Before reading this article on, I didn’t know there was a term for what my mom’s family does on a weekly basis at their table. ”Nose-to-tail.” Finally, I have a term I can use when describing my family’s odd tradition of, after a meal of hunted bird, putting the bird’s head on a fork, sticking it in an empty wine bottle and swiveling it around. Whomever the beak settles on must eat the head.

Though I stopped buying and eating conventional meat almost a year ago mainly for environmental reasons, my family heritage is strongly connected to the raising, hunting and preparation of all sorts of animals and their parts, and I have respect for the time and consideration my French family, for example, takes in their approach to eating animal products. I remember joining my grandfather on a once-in-a-blue-moon type hunting picnic where he and his buds roasted an entire boar on an open spit, and then invited their families to join in on the feast. My grandmother taught me how to make duck liver paté from scratch. My mother savours the trickiest parts of the animals she eats – the heads of birds, as you’ve read, and sucking the bones of rabbit carcasses. 

If you get squimish by the thought of having, say, pig brains, cow tongue or fried blood for lunch then perhaps you should reconsider why you eat any meat at all.

For those of you who do eat meat, why do you like the certain parts of the certain animals you do eat? Is it tradition, the taste, the norm?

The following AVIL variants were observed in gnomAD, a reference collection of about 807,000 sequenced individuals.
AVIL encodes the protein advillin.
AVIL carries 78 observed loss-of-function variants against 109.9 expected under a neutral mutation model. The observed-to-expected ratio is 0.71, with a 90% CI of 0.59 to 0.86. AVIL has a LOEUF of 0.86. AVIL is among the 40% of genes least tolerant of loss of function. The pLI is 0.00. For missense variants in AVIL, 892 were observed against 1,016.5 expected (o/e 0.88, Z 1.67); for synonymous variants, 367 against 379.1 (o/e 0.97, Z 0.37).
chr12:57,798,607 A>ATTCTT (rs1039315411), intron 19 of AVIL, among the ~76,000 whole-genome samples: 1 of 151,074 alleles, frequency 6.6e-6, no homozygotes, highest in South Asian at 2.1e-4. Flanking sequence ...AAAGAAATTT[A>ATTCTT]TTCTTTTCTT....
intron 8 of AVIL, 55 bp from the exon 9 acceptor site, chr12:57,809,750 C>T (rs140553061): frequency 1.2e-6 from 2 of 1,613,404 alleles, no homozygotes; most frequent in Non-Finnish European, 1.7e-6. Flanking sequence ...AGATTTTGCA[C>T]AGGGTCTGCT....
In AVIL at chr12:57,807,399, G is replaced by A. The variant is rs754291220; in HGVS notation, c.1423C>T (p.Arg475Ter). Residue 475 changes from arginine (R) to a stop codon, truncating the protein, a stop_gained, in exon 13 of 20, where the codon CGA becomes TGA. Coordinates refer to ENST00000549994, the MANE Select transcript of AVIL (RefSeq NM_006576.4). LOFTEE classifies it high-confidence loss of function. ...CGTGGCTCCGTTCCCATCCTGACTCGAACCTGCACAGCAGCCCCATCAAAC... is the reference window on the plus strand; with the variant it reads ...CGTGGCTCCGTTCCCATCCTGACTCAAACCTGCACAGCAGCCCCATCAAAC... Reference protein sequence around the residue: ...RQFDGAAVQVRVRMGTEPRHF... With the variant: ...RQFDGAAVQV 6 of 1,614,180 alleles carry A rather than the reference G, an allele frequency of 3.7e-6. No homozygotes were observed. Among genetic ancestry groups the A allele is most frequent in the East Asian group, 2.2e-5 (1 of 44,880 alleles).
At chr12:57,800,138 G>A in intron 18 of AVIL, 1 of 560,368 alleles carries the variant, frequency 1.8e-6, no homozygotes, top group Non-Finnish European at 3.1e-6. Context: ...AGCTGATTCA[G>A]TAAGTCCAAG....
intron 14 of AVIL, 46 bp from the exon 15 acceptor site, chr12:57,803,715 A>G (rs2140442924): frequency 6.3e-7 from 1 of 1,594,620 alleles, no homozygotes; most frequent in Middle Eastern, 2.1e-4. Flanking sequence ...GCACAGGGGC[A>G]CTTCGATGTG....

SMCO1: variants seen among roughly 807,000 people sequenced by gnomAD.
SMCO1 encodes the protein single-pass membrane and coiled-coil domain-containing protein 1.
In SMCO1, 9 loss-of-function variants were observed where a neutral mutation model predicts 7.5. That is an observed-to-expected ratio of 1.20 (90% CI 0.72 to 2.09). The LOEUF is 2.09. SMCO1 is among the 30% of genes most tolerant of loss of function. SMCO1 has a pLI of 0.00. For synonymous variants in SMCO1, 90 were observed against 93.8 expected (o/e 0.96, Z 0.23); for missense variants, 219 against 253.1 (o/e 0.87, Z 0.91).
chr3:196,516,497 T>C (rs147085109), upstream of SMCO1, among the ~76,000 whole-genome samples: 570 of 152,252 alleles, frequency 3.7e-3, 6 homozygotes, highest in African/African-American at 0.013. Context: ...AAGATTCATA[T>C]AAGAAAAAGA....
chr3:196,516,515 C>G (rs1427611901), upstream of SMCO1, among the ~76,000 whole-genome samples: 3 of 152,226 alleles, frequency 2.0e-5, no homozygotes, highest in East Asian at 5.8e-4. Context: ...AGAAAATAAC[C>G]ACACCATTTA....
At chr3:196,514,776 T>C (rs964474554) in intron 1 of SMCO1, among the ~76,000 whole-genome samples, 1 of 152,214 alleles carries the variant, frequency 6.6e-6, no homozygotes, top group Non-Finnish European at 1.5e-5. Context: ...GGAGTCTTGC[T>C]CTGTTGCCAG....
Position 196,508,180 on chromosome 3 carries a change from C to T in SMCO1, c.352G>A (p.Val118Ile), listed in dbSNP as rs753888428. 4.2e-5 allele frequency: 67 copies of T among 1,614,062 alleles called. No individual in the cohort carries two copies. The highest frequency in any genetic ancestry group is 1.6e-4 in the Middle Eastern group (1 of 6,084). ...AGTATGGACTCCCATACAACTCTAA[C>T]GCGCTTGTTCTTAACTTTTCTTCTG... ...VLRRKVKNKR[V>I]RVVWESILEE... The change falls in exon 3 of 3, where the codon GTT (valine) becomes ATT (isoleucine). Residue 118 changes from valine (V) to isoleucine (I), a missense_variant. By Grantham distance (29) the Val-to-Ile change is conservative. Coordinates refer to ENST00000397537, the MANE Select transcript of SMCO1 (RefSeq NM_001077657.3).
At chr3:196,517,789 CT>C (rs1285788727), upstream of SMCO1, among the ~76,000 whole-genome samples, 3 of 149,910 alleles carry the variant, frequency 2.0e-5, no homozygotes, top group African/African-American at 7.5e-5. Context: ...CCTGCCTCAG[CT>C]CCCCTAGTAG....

Parts of the pig. Image Credit: North Carolina's Indy Week.

Before my 2012 visit to North Carolina, I had no idea there were so many ways to BBQ a pig.
Image Credit: North Carolina’s Indy Week.

Grand-mère's Crab Egg Dip

Grand-mère’s Crab Egg Dip, a “pincer-to-feeler” approach.

How much time do you spend on food?

“In order to eat well we need to invest more time, effort and resources in providing for our sustenance … than most of us do today. … Americans spend less than 10 percent of their income on food; they also spend less than an hour a day preparing meals and little more than an hour enjoying them. For most people for most of history gathering and preparing food has been an occupation at the very heart of daily life.” – Michael Pollan, In Defense of Food

…and perhaps at the heart of a healthy life as well? 

In the same year that my income has been close to the lowest it ever has in my adult life, I’ve also spent more evenings cooking, more of my time learning how to grow food, and a higher percentage of my earnings on quality, local products. I suppose this is one type of “work-life balance”.

Thanks to the My New Roots blog, we’re ready for dinner with ”The Best Lentil Salad Ever.” Even though I have more time to cook this year, you’ll notice we haven’t found the time to get measuring spoons!

The Best Lentil Salad Ever - My New Roots

Prepping the delicious lentil salad by the My New Roots blog.

How much time do you spend on food?